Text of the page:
There have been recent case reports of children and adolescents experiencing suspected or proven cardiac arrhythmia during electronic gaming. Subsequent proarrhythmic cardiac diagnoses have had significant implications for these children and their families. The pathophysiological basis for this phenomenon is attributed to adrenergic stimulation related to the emotionally charged electronic gaming environment.
While competitive sport and certain high-risk activities are known to precipitate arrhythmic events in susceptible individuals, electronic gaming has not typically been included in the counseling provided to families with proarrhythmic diagnoses. Electronic gaming is a prevalent pastime in children and adolescents. In adolescents deemed to be at risk during competitive sporting activity, electronic gaming may be encouraged under the false premise that it may represent a safe alternative to higher-risk sports. The prevalence of electronic gaming–induced cardiac arrhythmia has not been investigated and would provide important background information for such counseling.
Cardiac Electrophysiology Society, and the Pediatric & Congenital Electrophysiology Society report a new study
The investigators performed a systematic review of literature and initiated a multisite international outreach effort to identify cases of children with sudden loss of consciousness while playing video games. Across the 22 cases they found, multiplayer war gaming was the most frequent trigger. Some children died following a cardiac arrest. Subsequent diagnoses of several heart rhythm conditions put the children at continuing risk. Catecholaminergic polymorphic ventricular tachycardia (CPVT) and congenital long QT syndrome (LQTS) types 1 and 2 were the most common underlying causes.
There was a high incidence of potentially relevant genetic variants (63%) among the patients, which has significant implications for their families. In some cases, the investigation of a child who lost consciousness during video gaming led to many family members being diagnosed with an important familial heart rhythm problem. “Families and healthcare teams should think about safety precautions around electronic gaming in children who have a condition where dangerous fast heart rhythms are a risk,” noted Dr. Lawley.
The investigators attributed adrenergic stimulation related to the emotionally charged electronic gaming environment as the pathophysiological basis for this phenomenon. Electronic gaming is not always the “safe alternative” to competitive sports it is often considered. At the time of the cardiac incidents, many of the patients were in excited states, having just won or lost games, or were engaging in conflict with companions.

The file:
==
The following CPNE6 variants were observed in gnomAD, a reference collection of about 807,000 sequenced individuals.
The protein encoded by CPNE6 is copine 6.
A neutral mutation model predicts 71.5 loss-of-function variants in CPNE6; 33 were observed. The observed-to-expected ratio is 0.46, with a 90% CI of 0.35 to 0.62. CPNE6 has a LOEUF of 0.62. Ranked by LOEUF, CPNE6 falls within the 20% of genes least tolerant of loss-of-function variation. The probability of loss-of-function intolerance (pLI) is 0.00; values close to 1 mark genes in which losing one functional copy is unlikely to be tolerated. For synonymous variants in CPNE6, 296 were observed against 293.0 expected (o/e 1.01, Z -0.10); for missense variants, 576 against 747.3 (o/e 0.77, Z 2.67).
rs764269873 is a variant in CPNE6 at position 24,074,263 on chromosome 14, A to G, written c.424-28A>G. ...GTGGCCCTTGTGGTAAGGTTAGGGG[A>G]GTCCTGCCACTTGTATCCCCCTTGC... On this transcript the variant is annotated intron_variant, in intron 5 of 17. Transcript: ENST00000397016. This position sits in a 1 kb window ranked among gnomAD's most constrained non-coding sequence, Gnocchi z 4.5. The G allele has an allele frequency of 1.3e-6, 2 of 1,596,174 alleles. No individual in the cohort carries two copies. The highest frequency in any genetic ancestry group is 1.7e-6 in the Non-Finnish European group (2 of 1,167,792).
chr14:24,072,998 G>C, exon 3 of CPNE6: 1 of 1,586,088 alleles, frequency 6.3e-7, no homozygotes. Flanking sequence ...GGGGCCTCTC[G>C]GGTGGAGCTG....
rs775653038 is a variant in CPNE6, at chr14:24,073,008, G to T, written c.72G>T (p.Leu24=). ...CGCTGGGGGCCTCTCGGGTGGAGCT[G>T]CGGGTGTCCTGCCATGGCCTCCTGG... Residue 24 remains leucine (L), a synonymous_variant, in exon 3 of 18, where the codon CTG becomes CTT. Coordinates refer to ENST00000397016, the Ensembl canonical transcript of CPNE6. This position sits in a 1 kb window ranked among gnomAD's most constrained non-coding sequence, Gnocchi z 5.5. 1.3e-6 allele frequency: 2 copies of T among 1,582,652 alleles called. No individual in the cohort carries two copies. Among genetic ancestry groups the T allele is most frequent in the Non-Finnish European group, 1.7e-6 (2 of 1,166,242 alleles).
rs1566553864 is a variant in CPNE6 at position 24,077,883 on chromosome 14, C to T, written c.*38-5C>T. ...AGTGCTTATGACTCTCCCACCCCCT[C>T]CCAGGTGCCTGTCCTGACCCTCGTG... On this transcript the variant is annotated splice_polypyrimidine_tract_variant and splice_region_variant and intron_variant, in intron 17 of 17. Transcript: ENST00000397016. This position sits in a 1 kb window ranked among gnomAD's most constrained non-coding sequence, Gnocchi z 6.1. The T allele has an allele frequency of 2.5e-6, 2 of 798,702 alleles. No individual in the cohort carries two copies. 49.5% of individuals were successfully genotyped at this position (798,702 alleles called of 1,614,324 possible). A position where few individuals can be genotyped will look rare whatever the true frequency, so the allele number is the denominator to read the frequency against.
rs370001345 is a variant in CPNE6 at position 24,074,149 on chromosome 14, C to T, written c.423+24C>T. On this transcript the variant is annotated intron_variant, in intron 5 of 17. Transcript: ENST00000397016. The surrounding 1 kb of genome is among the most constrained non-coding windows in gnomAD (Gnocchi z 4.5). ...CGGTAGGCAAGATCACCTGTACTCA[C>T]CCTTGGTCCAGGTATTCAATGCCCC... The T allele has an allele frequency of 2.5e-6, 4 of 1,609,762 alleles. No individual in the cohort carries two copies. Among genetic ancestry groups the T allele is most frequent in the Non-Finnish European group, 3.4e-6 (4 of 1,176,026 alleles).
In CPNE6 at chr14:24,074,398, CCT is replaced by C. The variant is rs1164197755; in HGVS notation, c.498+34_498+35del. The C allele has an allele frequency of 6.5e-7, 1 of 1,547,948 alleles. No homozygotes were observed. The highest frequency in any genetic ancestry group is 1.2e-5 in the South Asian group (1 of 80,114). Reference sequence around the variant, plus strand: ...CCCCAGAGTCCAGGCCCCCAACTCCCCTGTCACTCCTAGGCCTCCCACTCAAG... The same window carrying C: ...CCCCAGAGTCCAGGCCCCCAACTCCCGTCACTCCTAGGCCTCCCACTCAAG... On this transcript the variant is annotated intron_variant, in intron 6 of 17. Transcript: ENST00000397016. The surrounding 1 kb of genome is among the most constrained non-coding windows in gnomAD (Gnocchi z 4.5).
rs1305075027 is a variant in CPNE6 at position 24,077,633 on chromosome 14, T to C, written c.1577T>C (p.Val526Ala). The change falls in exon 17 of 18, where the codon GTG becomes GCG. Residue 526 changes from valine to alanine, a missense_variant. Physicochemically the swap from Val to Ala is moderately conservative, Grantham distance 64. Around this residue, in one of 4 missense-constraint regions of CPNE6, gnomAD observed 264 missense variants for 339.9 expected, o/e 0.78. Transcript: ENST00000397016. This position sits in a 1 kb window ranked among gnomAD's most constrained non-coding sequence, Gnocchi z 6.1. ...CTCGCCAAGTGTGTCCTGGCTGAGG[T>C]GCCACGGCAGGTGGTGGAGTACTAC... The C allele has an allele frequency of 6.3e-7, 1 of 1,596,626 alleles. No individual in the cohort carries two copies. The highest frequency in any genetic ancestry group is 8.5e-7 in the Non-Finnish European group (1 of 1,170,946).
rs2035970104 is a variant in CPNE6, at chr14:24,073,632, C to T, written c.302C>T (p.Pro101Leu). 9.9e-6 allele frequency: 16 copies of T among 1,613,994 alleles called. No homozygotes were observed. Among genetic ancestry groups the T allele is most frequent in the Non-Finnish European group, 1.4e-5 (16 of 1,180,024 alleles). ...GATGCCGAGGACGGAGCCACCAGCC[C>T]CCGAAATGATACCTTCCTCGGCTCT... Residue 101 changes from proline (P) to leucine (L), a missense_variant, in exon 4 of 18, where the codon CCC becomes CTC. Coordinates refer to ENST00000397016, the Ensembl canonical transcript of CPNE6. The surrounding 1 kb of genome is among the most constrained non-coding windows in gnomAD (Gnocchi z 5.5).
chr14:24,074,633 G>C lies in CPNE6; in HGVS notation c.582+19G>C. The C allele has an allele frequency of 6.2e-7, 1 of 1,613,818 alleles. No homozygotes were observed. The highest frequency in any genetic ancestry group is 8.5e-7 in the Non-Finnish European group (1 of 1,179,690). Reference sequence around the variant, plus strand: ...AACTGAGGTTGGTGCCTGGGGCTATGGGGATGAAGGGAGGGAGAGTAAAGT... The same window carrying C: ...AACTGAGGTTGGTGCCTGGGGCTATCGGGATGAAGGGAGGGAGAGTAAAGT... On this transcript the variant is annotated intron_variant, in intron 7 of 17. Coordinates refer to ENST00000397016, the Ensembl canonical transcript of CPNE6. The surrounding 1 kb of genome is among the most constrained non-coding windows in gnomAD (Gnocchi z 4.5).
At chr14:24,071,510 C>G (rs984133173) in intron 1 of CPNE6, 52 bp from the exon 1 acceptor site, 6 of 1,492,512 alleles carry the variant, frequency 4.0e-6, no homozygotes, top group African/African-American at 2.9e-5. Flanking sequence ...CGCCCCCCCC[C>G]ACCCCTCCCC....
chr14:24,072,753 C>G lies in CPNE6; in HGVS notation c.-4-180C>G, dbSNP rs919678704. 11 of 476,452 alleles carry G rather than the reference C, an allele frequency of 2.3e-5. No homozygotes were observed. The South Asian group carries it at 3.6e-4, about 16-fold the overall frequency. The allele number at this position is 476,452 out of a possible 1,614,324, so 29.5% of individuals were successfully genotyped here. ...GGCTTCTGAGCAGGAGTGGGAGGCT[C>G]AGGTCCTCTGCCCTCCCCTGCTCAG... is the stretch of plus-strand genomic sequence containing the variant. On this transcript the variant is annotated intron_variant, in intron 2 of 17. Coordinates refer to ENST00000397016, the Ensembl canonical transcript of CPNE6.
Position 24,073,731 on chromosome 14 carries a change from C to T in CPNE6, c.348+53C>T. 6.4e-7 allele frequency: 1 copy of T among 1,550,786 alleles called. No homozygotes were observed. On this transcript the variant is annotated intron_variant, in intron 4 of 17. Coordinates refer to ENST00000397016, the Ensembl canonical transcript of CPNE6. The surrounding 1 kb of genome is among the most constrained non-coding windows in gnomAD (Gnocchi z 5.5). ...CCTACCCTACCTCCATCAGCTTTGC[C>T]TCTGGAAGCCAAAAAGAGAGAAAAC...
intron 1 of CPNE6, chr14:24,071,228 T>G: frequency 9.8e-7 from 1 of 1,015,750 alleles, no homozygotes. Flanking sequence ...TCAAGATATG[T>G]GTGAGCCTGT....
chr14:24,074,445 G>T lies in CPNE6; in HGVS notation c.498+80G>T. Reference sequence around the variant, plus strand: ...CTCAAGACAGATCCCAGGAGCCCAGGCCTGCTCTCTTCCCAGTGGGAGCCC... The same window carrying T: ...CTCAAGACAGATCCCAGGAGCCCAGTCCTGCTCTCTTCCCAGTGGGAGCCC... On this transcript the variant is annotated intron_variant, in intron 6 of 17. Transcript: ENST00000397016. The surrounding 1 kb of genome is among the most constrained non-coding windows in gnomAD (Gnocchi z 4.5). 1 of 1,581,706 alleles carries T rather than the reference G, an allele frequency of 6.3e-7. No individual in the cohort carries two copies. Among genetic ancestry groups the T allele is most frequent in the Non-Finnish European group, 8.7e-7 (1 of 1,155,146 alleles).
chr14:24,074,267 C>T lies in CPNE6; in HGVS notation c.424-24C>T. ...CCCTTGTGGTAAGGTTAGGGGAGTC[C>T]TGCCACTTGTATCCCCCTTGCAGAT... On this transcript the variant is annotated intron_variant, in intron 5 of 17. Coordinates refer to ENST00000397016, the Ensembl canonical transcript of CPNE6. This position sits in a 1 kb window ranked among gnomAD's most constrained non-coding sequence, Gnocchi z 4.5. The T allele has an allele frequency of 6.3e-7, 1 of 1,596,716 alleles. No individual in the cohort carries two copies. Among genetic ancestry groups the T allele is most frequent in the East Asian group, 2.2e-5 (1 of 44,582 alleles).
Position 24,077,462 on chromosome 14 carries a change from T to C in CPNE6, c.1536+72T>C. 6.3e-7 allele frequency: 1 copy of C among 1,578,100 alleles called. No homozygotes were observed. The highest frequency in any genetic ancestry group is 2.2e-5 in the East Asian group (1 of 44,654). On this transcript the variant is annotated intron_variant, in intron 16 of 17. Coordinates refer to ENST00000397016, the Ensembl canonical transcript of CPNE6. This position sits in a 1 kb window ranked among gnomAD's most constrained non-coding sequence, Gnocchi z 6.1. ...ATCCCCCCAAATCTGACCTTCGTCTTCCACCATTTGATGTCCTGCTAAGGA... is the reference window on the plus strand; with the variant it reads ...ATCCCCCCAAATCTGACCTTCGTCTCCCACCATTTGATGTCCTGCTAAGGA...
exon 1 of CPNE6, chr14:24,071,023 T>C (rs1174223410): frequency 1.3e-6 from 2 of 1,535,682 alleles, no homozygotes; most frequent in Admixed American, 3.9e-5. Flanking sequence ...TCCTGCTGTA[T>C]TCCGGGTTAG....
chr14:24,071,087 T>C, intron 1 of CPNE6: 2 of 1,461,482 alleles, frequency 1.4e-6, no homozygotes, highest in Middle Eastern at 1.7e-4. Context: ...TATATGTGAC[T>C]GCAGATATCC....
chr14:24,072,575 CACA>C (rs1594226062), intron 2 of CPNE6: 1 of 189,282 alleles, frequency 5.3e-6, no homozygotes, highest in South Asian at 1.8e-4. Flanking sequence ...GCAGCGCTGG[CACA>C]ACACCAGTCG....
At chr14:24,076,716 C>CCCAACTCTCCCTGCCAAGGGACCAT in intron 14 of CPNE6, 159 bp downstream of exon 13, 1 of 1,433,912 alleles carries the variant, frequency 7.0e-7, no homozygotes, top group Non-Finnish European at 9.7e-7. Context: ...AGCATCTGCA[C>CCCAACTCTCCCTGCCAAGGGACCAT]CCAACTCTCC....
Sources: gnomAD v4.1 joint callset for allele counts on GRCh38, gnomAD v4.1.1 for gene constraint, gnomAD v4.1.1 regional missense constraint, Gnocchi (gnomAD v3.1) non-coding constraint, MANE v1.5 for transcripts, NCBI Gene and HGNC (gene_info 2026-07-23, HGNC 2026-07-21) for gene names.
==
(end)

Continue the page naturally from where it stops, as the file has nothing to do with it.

“We already know that some children have heart conditions that can put them at risk when playing competitive sports, but we were shocked to discover that some patients were having life-threatening blackouts during video gaming,” added co-investigator Christian Turner, MBBS, The Heart Centre for Children, Sydney Children’s Hospitals Network, Sydney, Australia. “Video gaming was something I previously thought would be an alternative ‘safe activity.’ This is a really important discovery. We need to ensure everyone knows how important it is to get checked out when someone has had a blacking out episode in these circumstances.”
The study notes that while this phenomenon is not a common occurrence, it is becoming more prevalent. “Having looked after children with heart rhythm problems for more than 25 years, I was staggered to see how widespread this emerging presentation is, and to find that a number of children had even died from it. All of the collaborators are keen to publicize this phenomenon so our colleagues across the globe can recognize it and protect these children and their families,” noted co-investigator of the study, Jonathan Skinner, MBChB, MD, also from Sydney.
Claire M. Lawley, Matthew Tester, Shubhayan Sanatani, Terence Prendiville, Cheyenne M. Beach, Jeffrey M. Vinocur, Minoru Horie, Jae-Sun Uhm, Apichai Khongphatthanayothin, Mark D. Ayers, Luke Starling, Yoko Yoshida, Maully J. Shah, Jonathan R. Skinner, Christian Turner. Life-threatening cardiac arrhythmia and sudden death during electronic gaming: An international case series and systematic review. Heart Rhythm, 2022; DOI: 10.1016/j.hrthm.2022.08.003
Johnathan Rast, William White, Daniel Sohinki. Ventricular arrhythmias during electronic gaming: Sudden victory and sudden death. Heart Rhythm, 2022; DOI: 10.1016/j.hrthm.2022.08.028
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